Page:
As we get older, remaining independent for as long as possible will be a top priority for many of us. According to research highlighted by the Good Care Group, 97% of older people want to remain in their own homes for the rest of their lives, rather than move into residential care.
It’s inevitable that as people age, they’ll need more assistance. Putting in place the right support to keep them safe and maintain self-sufficiency can ensure the elderly stay in charge of their own retirement and keep them healthy and active for longer.
As well as providing the infrastructure at home to help older people complete everyday tasks, it’s also important to prepare for situations when something goes wrong. The risk of falling rises with age and more than one in four over-65s fall each year.
Equipping a loved one with a personal alarm or installing a smart home monitoring system in their home can offer peace of mind in case of an emergency. ‘Long lies’, where an individual remains on the floor for an extended period of time can have a negative impact on health and severely damage confidence, so it’s important to have a fall alarm on hand.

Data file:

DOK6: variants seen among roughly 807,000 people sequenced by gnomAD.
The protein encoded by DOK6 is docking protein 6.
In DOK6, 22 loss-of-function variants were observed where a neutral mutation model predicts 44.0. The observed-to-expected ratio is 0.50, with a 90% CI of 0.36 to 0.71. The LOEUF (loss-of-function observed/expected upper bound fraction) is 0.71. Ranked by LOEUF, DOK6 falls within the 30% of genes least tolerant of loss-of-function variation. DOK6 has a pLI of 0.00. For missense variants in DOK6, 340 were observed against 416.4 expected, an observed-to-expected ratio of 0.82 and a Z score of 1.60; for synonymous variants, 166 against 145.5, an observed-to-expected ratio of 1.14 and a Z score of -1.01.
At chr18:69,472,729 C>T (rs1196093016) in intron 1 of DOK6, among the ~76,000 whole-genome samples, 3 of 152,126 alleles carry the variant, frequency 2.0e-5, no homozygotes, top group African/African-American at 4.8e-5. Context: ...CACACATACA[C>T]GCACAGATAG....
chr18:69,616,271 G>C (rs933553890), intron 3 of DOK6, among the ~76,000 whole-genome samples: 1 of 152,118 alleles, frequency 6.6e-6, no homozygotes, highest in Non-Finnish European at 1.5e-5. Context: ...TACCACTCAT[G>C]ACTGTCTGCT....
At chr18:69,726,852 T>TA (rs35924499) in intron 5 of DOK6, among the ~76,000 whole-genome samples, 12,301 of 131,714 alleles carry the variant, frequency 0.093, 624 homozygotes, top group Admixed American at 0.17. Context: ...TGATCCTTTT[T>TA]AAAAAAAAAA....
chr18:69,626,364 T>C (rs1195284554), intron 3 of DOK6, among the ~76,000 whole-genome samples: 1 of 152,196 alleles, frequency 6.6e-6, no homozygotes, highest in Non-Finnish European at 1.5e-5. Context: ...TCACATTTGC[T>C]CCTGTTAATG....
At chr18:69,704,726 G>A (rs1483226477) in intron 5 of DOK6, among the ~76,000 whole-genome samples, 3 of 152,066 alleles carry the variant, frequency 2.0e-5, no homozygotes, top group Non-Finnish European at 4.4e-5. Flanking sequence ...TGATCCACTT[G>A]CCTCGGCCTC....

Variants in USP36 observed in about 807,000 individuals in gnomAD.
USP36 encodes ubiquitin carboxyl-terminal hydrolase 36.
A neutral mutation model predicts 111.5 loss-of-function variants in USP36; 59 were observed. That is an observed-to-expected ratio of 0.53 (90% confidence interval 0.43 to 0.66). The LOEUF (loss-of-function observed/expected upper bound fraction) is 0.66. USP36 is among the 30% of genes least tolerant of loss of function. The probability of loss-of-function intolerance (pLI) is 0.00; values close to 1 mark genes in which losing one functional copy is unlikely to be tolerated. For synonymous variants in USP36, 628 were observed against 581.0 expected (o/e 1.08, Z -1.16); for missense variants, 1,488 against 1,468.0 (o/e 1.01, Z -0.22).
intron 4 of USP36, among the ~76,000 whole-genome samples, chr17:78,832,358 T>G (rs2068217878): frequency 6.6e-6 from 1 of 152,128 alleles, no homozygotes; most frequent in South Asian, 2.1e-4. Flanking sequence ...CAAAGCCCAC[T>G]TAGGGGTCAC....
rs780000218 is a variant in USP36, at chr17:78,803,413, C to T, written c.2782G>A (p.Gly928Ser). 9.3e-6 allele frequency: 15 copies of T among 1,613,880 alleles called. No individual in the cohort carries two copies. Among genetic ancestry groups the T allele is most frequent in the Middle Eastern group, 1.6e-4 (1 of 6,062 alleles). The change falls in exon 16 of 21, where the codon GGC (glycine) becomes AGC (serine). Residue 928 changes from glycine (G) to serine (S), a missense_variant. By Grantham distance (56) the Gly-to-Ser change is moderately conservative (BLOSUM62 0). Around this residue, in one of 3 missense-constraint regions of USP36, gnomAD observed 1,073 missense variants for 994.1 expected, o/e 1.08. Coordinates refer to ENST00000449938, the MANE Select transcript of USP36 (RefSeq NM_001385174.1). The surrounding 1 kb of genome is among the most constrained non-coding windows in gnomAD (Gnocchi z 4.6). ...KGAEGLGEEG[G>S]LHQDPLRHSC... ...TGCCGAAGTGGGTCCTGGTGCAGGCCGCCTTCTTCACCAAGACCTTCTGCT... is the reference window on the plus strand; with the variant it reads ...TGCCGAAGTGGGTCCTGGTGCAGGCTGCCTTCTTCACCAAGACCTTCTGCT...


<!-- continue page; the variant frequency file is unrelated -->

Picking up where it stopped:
The benefits of staying independent
Staying independent offers a wide range of benefits for older people, as it can maintain both their physical and mental health. For instance, living independently can help to keep elderly individuals’ minds active, which reduces some of the memory loss and other cognitive decline issues often associated with old age.
The link between good physical health and strong mental health is well-known, and this works both ways. People who keep their minds active are also more likely to remain physically active as well. Retaining the responsibility to stock the cupboards or tend a garden ensures an active lifestyle is second nature as a person grows older.
Maintaining independence also helps give older people a greater sense of purpose and identity. Being able to set their own routine, keep in contact with friends and relatives and continue doing activities they enjoy helps prevent feelings of depression or isolation, which Age UK notes are very common among older people.